Nick Mason Didn't Want New Band To Become A Pink Floyd Tribute Act
Pink Floyd's co-founding drummer Nick Mason made sure that his side project, Nick Mason's Saucerful Of Secrets, wouldn't become just another tribute act. The Saucerful Of Secrets setlists are comprised of all early Floyd material, predating the 1973 classic, The Dark Side Of The Moon, with a heavy emphasis on the band's early era and the work of the band's original guiding force, the late-Syd Barrett. Mason, who is the only member of Floyd to perform in all its configurations, told Rolling Stone, "I think really just looking through the catalog and thinking, 'There’s some great songs here and there’s some sort of heritage.' I wanted to get away from having to do the perfect rendition of old songs while very politically steering myself way from becoming the ultimate tribute band. A tribute to myself felt very uncomfortable. It needed something. It was a bit of 'Let’s try and get the sort of feel of some of that early music without slavishly trying to learn every detail of it or indeed match the tempo of it specifically,' or whatever." The shows -- both in England and North America are a far cry from Floyd's late-career massive stadium show productions: "Stadiums are very flawed in terms of being able to engage the entire audience. But in a theater, you can absolutely do it. It feels like an occasion and the occasion is entirely about the music that is going on at the stage. The trouble with a stadium is that you’ve got about 50,000 fans and another lot of people doing drugs and playing frisbee at the back." Although Mason, who co-owns the Floyd name with David Gilmour, didn't need to, he informed both Gilmour and Roger Waters about the the project, explaining, "Yeah. I thought that would be good manners. I don’t think it was a matter of getting permission or anything, but what was great was that they were really encouraging." When pressed as to whether Waters might make an appearance at a show somewhere down the line, Mason said, "Yeah. He said that he might come and guest for a song or two, but I’m not holding my breath on that. We can worry about guest stars when we are a bit further down the line." Mason was asked if fans will ever finally see a deluxe box set of Floyd's 1977 Animals album: "Yes. I think it will eventually happen. It’s just sort of slow because of differences of opinion about how to do it or what to put on it, but I’m sure it will eventually happen. Of all our albums that have been re-released, that’s the one that would benefit the most from a sort of reworking." Nick Mason played a hands on role in Pink Floyd's recent reissue series, told us that the band felt that they owed it to longtime fans to give them every bit of what was releasable in the recent "Immersion" reissue series: "There still are so many people who are interested not only in the actual record that was turned out, but how it was made and the influence on it and the sort of mistakes along the way -- and in some cases, how it was developed afterwards. And we thought, if we're going to do this, we might as well do it once and for all. Y'know, we will not be repeating this exercises. So we decided to bring everything we possibly could out of the vaults and get on with it."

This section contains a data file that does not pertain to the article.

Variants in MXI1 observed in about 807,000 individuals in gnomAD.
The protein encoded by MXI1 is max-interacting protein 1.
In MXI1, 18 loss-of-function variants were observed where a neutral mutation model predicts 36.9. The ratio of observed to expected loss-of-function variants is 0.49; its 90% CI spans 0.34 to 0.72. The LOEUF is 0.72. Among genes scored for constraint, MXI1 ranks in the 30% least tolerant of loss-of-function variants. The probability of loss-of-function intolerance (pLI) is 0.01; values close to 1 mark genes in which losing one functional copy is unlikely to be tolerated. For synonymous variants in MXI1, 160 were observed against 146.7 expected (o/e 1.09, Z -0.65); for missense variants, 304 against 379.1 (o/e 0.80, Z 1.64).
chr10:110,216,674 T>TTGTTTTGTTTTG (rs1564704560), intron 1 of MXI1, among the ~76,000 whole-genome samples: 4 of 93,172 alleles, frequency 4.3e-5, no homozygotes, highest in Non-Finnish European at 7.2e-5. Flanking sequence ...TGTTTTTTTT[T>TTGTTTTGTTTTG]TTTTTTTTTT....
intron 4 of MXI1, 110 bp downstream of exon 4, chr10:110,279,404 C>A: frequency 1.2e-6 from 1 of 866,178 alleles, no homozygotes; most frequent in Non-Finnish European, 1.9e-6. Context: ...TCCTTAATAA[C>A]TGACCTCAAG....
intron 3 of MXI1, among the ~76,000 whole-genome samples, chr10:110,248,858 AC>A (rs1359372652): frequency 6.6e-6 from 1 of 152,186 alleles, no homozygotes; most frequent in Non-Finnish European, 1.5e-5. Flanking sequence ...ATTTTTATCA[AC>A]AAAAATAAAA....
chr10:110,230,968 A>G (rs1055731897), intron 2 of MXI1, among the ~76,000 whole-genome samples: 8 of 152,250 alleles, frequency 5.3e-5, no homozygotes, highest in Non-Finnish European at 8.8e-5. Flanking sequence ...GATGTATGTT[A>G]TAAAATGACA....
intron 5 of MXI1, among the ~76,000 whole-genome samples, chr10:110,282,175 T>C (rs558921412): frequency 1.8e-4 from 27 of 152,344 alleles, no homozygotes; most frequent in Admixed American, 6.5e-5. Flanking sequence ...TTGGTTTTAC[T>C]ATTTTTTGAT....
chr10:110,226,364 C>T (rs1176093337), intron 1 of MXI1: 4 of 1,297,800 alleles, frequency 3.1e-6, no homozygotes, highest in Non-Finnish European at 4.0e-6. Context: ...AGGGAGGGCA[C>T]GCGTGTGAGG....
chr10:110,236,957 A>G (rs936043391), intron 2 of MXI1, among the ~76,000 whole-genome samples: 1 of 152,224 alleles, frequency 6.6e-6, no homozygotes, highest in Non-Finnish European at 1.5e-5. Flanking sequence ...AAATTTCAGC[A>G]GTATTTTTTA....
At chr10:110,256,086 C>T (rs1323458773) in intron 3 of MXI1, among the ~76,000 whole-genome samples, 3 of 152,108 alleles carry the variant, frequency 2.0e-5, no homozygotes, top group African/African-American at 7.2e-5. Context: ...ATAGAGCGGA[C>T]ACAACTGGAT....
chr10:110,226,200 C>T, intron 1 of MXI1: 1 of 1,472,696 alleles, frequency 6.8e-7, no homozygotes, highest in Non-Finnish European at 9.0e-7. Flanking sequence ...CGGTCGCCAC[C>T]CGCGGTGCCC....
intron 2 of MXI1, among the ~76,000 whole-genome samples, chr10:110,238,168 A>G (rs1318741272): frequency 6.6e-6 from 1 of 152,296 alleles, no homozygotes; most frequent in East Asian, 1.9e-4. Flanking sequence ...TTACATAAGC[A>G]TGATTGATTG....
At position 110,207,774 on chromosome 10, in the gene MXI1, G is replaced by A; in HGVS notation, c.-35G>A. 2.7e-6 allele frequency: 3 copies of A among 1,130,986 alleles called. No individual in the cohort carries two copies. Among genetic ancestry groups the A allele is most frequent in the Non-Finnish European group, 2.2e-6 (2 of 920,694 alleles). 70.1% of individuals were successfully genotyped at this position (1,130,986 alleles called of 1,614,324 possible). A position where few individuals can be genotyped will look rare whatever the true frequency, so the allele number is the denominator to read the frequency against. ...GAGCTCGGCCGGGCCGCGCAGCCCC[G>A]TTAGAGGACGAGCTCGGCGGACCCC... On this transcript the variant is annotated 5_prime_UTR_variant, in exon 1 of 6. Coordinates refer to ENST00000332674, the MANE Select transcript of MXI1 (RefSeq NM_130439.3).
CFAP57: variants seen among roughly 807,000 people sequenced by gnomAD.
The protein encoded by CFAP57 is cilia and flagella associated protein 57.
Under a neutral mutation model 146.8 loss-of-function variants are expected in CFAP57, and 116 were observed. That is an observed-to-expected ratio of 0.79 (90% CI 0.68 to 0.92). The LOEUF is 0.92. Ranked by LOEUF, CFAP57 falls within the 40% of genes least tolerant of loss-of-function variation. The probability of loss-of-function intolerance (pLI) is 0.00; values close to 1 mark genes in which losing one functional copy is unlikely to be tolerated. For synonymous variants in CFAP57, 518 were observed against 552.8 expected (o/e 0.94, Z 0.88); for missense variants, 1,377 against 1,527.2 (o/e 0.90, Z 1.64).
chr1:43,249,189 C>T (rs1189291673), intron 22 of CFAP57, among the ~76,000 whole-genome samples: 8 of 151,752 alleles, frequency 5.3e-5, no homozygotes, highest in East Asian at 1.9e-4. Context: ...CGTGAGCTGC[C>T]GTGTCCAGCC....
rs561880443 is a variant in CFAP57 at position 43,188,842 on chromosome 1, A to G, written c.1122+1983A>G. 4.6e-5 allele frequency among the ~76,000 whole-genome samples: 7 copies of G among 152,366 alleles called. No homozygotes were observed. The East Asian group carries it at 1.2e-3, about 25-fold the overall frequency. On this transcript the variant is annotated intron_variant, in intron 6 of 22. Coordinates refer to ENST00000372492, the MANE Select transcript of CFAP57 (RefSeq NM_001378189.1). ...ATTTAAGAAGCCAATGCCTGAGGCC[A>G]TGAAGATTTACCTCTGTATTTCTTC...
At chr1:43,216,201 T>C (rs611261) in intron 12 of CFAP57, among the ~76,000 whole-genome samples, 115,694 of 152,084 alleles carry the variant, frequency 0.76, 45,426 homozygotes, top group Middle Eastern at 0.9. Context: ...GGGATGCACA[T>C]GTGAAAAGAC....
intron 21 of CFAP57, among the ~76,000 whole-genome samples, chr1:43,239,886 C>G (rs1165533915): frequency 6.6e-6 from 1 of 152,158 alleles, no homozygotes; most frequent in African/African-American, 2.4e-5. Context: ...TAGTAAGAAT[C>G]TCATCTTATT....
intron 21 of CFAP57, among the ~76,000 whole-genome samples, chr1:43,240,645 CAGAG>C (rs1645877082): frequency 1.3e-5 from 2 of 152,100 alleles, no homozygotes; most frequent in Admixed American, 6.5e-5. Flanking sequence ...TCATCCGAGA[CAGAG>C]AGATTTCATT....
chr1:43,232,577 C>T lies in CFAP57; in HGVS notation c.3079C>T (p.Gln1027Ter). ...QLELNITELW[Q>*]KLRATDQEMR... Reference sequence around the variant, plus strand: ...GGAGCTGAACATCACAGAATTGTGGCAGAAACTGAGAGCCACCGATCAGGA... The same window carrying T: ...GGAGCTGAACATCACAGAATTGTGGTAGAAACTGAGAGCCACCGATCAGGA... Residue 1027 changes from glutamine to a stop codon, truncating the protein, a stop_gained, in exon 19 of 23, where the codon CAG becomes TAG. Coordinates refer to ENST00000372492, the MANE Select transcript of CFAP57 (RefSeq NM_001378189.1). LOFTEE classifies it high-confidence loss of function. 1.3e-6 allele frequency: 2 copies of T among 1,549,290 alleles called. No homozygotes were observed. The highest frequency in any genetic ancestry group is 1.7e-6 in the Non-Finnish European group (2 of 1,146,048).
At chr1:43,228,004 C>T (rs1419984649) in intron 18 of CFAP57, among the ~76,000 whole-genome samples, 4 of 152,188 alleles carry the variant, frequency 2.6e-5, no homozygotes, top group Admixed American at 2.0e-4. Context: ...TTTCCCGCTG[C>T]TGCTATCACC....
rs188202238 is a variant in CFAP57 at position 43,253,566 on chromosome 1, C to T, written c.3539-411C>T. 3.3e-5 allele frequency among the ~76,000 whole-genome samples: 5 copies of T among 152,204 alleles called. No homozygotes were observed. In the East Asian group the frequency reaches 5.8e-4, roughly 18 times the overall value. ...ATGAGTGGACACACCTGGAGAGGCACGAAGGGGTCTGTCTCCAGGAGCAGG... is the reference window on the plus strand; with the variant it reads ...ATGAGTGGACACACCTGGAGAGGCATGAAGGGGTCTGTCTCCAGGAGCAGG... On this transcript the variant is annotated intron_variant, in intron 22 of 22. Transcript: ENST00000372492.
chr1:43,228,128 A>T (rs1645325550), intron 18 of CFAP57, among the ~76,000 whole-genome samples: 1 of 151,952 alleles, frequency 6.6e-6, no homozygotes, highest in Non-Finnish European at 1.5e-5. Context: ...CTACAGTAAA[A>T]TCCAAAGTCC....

Nick Mason On Clearing Pink Floyd Vaults